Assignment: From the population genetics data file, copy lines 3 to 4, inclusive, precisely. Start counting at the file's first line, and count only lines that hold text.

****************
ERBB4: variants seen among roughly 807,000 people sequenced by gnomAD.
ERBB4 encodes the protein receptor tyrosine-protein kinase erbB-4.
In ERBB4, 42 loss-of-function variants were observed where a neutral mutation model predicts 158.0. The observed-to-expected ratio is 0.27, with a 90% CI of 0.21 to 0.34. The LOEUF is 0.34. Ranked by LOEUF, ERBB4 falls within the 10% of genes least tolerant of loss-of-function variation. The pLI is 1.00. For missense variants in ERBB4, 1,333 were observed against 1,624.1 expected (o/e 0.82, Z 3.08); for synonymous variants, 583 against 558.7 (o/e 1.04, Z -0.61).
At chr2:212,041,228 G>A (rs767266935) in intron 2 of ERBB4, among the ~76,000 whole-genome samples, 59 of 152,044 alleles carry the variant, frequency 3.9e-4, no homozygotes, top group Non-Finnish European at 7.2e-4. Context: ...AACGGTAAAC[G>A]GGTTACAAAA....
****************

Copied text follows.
In ERBB4, 42 loss-of-function variants were observed where a neutral mutation model predicts 158.0. The observed-to-expected ratio is 0.27, with a 90% CI of 0.21 to 0.34. The LOEUF is 0.34. Ranked by LOEUF, ERBB4 falls within the 10% of genes least tolerant of loss-of-function variation. The pLI is 1.00. For missense variants in ERBB4, 1,333 were observed against 1,624.1 expected (o/e 0.82, Z 3.08); for synonymous variants, 583 against 558.7 (o/e 1.04, Z -0.61).
At chr2:212,041,228 G>A (rs767266935) in intron 2 of ERBB4, among the ~76,000 whole-genome samples, 59 of 152,044 alleles carry the variant, frequency 3.9e-4, no homozygotes, top group Non-Finnish European at 7.2e-4. Context: ...AACGGTAAAC[G>A]GGTTACAAAA....